Guested on a few recent records: Kyle Kidd, RA Washington & Jah Nada

Two new records I was fortunate to contribute to are seeing release this season: Soothsayer by Kyle Kidd and In Search of Our Father’s Gardens by RA Washington and Jah Nada. So much love for these folks. So much gratitude to be in this community of artists.

Soothsayer (2022) by Kyle Kidd

Kidd’s Soothsayer (American Dreams 2022) is a banger of a record suited for the club as much as for meditation: “an expansive rendering of life beyond the binary, balancing self-possession and self-preservation, the challenges of vulnerability and the redemptive possibilities of love — all in a half-hour.” I was lucky to contribute some flute and clarinet to the record.

Throughout Kidd’s debut solo album Soothsayer, Black history and artistic heritage are understood as living and breathing concepts, not static, commodified objects to be consigned to museums. Kidd’s musical memory quilt is alive and in constant flux as it draws from soul, gospel, R&B, hiphop, rock, and jazz to create miniatures that sound at once vintage and futuristic.

The Quietus:

Ra Washington and Jah Nada’s In Search of Our Father’s Gardens (Astral Spirits 2022) was a collaboration of friends near and far to produce a rather free, exploratory set. The conception of the double LP – which features members of Mourning [A] BLKstar, Oneida, and more – is that sides B & C were recorded and designed to be played separately and/or together (if you have two record players set up). I contributed some tenor and keyboards to “Bobbi Lynn.”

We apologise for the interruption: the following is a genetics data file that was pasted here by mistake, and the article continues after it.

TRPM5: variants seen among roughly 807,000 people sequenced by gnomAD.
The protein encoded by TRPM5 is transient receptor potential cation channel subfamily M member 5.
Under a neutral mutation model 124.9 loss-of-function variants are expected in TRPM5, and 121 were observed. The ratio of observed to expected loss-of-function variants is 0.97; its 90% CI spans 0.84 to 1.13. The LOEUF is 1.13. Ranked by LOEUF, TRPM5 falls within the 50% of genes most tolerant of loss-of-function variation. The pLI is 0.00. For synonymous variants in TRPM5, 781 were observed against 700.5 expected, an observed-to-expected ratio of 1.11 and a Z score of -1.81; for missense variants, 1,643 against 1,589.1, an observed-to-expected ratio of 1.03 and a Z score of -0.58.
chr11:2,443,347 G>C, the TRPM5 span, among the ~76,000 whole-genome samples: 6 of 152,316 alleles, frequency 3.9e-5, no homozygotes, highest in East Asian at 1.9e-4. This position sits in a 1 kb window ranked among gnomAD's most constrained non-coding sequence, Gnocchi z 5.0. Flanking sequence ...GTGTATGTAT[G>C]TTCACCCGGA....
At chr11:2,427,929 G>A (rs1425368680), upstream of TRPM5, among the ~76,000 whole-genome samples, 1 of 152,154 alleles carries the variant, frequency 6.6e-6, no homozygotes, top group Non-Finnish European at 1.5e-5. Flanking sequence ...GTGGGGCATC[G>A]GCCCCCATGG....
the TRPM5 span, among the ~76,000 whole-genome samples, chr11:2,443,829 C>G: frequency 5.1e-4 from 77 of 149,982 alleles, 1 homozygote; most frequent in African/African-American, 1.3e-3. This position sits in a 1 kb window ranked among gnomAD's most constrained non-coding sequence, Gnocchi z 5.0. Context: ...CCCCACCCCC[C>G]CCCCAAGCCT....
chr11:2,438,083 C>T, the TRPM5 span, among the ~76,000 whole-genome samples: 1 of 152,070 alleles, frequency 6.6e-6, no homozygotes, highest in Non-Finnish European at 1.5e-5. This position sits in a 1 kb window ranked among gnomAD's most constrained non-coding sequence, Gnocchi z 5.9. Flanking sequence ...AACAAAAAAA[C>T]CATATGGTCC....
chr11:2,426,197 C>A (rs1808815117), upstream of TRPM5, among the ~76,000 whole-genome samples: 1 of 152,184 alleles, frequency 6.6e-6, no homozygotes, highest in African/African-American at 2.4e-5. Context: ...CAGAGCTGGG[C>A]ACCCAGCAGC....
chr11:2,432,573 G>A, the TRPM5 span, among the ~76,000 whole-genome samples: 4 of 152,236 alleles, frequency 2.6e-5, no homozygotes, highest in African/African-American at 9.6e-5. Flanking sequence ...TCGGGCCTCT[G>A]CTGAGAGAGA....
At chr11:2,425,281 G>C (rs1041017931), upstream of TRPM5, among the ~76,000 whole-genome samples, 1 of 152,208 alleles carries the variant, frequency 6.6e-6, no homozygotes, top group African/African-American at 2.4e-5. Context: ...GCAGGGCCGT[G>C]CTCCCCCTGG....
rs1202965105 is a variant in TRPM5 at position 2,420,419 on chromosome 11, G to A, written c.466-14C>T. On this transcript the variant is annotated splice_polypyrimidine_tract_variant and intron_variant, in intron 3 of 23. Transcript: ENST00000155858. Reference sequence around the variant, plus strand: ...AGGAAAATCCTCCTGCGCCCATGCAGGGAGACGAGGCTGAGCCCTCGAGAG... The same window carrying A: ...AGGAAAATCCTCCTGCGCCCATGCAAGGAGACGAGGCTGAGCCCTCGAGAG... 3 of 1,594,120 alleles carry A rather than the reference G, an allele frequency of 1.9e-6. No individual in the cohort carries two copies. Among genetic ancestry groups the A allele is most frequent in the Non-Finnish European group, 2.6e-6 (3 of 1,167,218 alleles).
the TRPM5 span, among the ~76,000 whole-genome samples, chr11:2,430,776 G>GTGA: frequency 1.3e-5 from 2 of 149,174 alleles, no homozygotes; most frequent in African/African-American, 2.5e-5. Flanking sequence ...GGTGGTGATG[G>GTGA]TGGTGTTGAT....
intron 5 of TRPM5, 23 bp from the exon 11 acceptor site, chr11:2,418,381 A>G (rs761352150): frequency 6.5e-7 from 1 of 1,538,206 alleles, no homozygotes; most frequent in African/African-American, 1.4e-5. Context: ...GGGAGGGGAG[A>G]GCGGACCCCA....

In Search of Our Father’s Gardens (2022) by RA Washington & Jah Nada

Side-long album closer, “Bobbi Lynn,” is a sprawling journey all on its own. Joined by Kid Millions on drums, the group weaves through moving organic corridors before transcending into the collective subconscious. Steel-infused rhythms steady the path, creating a solid, effusive backbone where everyone else finds their groove and takes off. Spectral horn serenades rain down glissando silhouettes on a jagged sea of piano chords and hallucinatory electronics. Shadows of spiritual jazz from an alternate reality bleed into the wistful atmosphere, buoyed by Washington’s soft, pointed vocals. Emotive basslines dance with introspective piano arrangements, asking questions with no answers, answered by formless incantations. 

When the epic aural treatise finally says goodnight, the stars have been rearranged, and a sacred recollection sparks new fires, new dreams. “Bobbi Lynn” is a saga of its own but also a microcosm of In Search of Our Father’s Garden. This incredible conjuring contains generations.

Foxy Digitals Review:

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